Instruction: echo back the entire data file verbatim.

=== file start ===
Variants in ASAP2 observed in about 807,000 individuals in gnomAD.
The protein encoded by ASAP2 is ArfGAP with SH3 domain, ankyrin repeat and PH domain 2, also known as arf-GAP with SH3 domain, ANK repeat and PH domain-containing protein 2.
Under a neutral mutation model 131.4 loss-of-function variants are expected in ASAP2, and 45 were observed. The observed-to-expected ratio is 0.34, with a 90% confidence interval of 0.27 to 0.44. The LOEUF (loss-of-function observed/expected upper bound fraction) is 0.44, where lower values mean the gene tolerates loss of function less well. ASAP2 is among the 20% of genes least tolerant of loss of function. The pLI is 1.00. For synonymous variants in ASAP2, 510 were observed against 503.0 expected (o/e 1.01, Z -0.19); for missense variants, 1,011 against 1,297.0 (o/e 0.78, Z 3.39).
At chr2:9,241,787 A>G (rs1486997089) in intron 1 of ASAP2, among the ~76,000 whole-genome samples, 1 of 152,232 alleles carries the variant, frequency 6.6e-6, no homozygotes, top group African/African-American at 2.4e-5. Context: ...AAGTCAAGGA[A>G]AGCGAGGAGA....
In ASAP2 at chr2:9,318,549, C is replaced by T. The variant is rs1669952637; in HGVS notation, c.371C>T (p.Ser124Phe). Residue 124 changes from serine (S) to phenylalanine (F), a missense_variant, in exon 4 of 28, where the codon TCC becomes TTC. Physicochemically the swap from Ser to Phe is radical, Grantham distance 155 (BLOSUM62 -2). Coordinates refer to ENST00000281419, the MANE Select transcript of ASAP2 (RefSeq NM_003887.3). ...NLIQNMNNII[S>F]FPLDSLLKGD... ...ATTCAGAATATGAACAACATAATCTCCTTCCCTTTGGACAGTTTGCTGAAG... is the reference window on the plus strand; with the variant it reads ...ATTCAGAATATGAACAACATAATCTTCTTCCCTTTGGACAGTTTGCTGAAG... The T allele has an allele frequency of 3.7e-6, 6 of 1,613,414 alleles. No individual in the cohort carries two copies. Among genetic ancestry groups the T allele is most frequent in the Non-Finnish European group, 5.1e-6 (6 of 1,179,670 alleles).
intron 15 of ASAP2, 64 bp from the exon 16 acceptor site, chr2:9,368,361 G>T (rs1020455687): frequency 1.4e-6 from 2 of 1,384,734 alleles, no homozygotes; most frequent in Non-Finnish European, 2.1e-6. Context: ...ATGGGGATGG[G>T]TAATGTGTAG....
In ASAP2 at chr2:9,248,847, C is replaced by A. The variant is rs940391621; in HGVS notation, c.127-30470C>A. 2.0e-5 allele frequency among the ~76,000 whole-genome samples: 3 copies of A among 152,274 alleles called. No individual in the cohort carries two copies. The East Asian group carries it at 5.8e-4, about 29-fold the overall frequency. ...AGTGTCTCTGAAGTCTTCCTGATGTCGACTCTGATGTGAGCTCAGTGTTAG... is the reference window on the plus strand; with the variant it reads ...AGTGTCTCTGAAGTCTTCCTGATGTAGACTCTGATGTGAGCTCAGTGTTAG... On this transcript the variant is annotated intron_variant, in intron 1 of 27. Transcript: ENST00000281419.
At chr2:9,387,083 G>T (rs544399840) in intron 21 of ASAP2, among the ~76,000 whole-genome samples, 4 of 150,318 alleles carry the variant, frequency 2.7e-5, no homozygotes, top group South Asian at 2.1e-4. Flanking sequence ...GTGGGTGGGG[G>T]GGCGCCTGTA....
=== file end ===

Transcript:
Variants in ASAP2 observed in about 807,000 individuals in gnomAD.
The protein encoded by ASAP2 is ArfGAP with SH3 domain, ankyrin repeat and PH domain 2, also known as arf-GAP with SH3 domain, ANK repeat and PH domain-containing protein 2.
Under a neutral mutation model 131.4 loss-of-function variants are expected in ASAP2, and 45 were observed. The observed-to-expected ratio is 0.34, with a 90% confidence interval of 0.27 to 0.44. The LOEUF (loss-of-function observed/expected upper bound fraction) is 0.44, where lower values mean the gene tolerates loss of function less well. ASAP2 is among the 20% of genes least tolerant of loss of function. The pLI is 1.00. For synonymous variants in ASAP2, 510 were observed against 503.0 expected (o/e 1.01, Z -0.19); for missense variants, 1,011 against 1,297.0 (o/e 0.78, Z 3.39).
At chr2:9,241,787 A>G (rs1486997089) in intron 1 of ASAP2, among the ~76,000 whole-genome samples, 1 of 152,232 alleles carries the variant, frequency 6.6e-6, no homozygotes, top group African/African-American at 2.4e-5. Context: ...AAGTCAAGGA[A>G]AGCGAGGAGA....
In ASAP2 at chr2:9,318,549, C is replaced by T. The variant is rs1669952637; in HGVS notation, c.371C>T (p.Ser124Phe). Residue 124 changes from serine (S) to phenylalanine (F), a missense_variant, in exon 4 of 28, where the codon TCC becomes TTC. Physicochemically the swap from Ser to Phe is radical, Grantham distance 155 (BLOSUM62 -2). Coordinates refer to ENST00000281419, the MANE Select transcript of ASAP2 (RefSeq NM_003887.3). ...NLIQNMNNII[S>F]FPLDSLLKGD... ...ATTCAGAATATGAACAACATAATCTCCTTCCCTTTGGACAGTTTGCTGAAG... is the reference window on the plus strand; with the variant it reads ...ATTCAGAATATGAACAACATAATCTTCTTCCCTTTGGACAGTTTGCTGAAG... The T allele has an allele frequency of 3.7e-6, 6 of 1,613,414 alleles. No individual in the cohort carries two copies. Among genetic ancestry groups the T allele is most frequent in the Non-Finnish European group, 5.1e-6 (6 of 1,179,670 alleles).
intron 15 of ASAP2, 64 bp from the exon 16 acceptor site, chr2:9,368,361 G>T (rs1020455687): frequency 1.4e-6 from 2 of 1,384,734 alleles, no homozygotes; most frequent in Non-Finnish European, 2.1e-6. Context: ...ATGGGGATGG[G>T]TAATGTGTAG....
In ASAP2 at chr2:9,248,847, C is replaced by A. The variant is rs940391621; in HGVS notation, c.127-30470C>A. 2.0e-5 allele frequency among the ~76,000 whole-genome samples: 3 copies of A among 152,274 alleles called. No individual in the cohort carries two copies. The East Asian group carries it at 5.8e-4, about 29-fold the overall frequency. ...AGTGTCTCTGAAGTCTTCCTGATGTCGACTCTGATGTGAGCTCAGTGTTAG... is the reference window on the plus strand; with the variant it reads ...AGTGTCTCTGAAGTCTTCCTGATGTAGACTCTGATGTGAGCTCAGTGTTAG... On this transcript the variant is annotated intron_variant, in intron 1 of 27. Transcript: ENST00000281419.
At chr2:9,387,083 G>T (rs544399840) in intron 21 of ASAP2, among the ~76,000 whole-genome samples, 4 of 150,318 alleles carry the variant, frequency 2.7e-5, no homozygotes, top group South Asian at 2.1e-4. Flanking sequence ...GTGGGTGGGG[G>T]GGCGCCTGTA....